Travel: A guide to the world's most erogenous zones

We all know the great love destinations. But does reality measure up to myth? By Gareth Lloyd
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The Independent Travel
WHILE PEOPLE have long gone to great lengths to consummate their love, they have also long gone to great places. At the top of most peoples "love place" lists would be destinations like Paris, the Taj Mahal and er, Gretna Green. But do they live up to the Valentine hype?

Paris

Paris is not only the capital of France, it is also the capital of love. When it comes to describing Paris, it is hard to escape the cliches. More dreamy-eyed, wistful words have been penned about this city than any other place on the globe.

What city experiences could be more seductive than sitting in the flower gardens of Notre-Dame beneath the drifting cherry blossom, reading Henry Miller or Anais Nin? Or perhaps strolling along the quays on a warm summer evening as dusk thickens and night falls? Or even exploring the ancient lanes and cobbled alleyways of Montmartre? Paris seems to have little problem living up to its postcard images and literary myths - at least in springtime.

In high summer, though, it can be choking. Exhaust fumes become trapped in the city's geographical bowl creating a murky pollution potage. Last year the problem got so bad that the government had to declare the city a disaster area. It banned cars from the centre of the city, and waived the usual charges for public transport. Not very romantic.

The Taj Mahal

Built in the 17th century, India's Taj Mahal is the world's most enduring monument to love. It is said that on her deathbed Mumtaz Mahal asked her husband, the emperor Shah Jahan, to show the world how much they had loved one another.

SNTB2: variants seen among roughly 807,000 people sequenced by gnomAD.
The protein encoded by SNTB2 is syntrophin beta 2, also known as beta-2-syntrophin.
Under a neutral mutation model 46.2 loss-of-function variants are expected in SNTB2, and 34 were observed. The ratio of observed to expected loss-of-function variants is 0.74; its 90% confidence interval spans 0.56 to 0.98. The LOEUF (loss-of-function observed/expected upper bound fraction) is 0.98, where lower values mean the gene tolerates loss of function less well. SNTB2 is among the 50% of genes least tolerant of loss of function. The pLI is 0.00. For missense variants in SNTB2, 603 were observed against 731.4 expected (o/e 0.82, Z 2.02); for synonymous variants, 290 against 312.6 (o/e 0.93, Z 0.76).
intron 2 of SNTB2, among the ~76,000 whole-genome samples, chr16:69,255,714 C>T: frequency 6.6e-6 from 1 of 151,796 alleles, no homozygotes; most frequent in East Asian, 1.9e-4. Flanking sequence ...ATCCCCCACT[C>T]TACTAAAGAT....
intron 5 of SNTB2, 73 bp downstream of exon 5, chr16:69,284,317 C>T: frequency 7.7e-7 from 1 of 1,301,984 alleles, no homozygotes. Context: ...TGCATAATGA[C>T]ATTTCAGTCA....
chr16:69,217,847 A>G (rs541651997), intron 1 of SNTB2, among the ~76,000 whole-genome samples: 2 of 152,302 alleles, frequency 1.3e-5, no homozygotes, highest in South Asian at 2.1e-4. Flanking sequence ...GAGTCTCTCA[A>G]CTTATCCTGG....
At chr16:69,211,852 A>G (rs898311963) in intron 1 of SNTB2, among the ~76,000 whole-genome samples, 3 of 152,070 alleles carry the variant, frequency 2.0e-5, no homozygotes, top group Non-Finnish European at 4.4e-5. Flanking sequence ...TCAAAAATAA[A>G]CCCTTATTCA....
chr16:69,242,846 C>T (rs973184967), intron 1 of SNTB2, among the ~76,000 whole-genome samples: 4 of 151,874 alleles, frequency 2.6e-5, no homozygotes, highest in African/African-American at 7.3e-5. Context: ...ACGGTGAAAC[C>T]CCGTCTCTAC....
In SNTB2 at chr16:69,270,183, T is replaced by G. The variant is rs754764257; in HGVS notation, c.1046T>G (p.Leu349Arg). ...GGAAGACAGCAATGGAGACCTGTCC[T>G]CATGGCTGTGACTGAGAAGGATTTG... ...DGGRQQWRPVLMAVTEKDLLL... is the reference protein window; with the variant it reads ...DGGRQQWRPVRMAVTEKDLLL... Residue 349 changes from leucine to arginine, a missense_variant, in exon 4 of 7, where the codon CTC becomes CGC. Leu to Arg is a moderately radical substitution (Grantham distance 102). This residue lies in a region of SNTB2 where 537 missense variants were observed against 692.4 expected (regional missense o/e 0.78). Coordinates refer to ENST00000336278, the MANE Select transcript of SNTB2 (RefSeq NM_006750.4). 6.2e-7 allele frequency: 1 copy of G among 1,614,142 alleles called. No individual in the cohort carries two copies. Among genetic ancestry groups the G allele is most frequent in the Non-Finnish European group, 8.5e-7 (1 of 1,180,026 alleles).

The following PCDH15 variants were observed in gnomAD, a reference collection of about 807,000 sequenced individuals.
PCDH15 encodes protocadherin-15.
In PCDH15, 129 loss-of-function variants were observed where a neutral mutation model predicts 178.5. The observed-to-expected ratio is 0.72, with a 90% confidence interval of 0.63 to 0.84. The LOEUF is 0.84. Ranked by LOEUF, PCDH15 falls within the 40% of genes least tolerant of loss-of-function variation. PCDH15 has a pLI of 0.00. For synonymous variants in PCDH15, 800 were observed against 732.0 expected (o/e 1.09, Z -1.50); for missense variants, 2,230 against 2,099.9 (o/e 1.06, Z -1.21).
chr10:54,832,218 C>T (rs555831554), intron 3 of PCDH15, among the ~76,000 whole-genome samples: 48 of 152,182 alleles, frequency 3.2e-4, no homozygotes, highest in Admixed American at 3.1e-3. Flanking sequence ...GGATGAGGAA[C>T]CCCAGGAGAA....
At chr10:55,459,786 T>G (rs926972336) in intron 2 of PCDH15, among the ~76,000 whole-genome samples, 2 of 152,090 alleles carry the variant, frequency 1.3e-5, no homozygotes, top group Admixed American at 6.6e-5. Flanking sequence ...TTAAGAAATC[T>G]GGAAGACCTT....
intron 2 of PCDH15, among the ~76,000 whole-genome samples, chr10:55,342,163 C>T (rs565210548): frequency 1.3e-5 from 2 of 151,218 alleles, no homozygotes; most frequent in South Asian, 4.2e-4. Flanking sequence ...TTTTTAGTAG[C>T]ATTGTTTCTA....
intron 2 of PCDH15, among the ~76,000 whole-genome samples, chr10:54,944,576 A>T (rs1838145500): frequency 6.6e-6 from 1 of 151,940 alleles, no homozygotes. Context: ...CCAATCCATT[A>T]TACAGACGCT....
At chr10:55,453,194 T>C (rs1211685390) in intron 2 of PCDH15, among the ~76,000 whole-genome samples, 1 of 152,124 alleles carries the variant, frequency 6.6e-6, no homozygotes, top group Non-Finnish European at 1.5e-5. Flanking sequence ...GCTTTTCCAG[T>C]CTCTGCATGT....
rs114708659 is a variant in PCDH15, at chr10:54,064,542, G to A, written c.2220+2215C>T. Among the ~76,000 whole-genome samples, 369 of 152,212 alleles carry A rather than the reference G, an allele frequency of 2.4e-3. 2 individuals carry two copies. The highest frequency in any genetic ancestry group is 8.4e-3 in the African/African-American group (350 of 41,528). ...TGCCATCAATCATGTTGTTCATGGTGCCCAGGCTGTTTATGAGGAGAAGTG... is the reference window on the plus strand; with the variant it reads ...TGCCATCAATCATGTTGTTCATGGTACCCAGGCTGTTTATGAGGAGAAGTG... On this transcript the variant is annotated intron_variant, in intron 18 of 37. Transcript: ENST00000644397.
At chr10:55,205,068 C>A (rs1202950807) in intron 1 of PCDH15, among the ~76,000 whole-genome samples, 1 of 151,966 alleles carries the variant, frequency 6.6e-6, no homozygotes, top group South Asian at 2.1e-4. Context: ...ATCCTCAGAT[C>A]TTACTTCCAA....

It is also said that as soon as she died, his hair turned grey over-night, he spurned the business of running an empire and resolved to build his wife the most magnificent memorial on earth.

The Taj took a workforce of 20,000 a total of 22 years to build. The marble was quarried in Makrana, some 300 km away, and transported by a fleet of 1,000 elephants.

Precious stones and other materials for the building's inlay came from far and wide. For example, there was red carnelian from Bhagdad, jade and crystal from China, lapis lazuli from Afghanistan and Ceylon, turquoise from Tibet, gold from Egypt, dark green malachite from Russia and mother of pearl from the Indian Ocean. The result is subtlety blended with grandeur on a massive scale.

To see the Taj bathed in the soft light of a full moon it is easy to forget that it is crumbling and fading under the unwanted attention from pollutants generated by the surrounding modern industrial city of Agra.

But it still has something over the 20th century's greatest contribution to "love", namely Las Vegas. The USA's romantic capital has become the ultimate destination for a quickie marriage - or a quickie divorce.

Gretna Green

Up until 1940, thousands of runaway couples dashed northwards to Scotland where a marriage declaration made before any two witnesses was considered legal. Most fugitives journeyed up the main turnpike road to Edinburgh and halted just over the border in the first village they came to, which happened to be Gretna Green.

The most famous village "priest" was Joseph Paisley, a 25-stone blacksmith who was in business from 1754 to 1812. He added a little pomp to the wedding ceremony by straightening out a horseshoe with his bare hands; an act that was more a show of strength than anything to do with symbolism. But it was Paisley's performances that led to rumours of Gretna Green weddings being performed over a blacksmith's anvil.

Today, lovers still flock to Gretna Green in an attempt to add a little extra romance and magic to their vows, though what they find may not live up to everyone's dream.

The Old Blacksmiths Shop, just next to the tourist office, has become a tacky place, stuffed with souvenirs and a handful of marital momentoes.

Couples can still tie the knot over the anvil but these days the ceremony is more akin to a Vegas-style ceremony than an old fashioned fly-by-night romance.

The Broader Picture, Sunday Review, p36.

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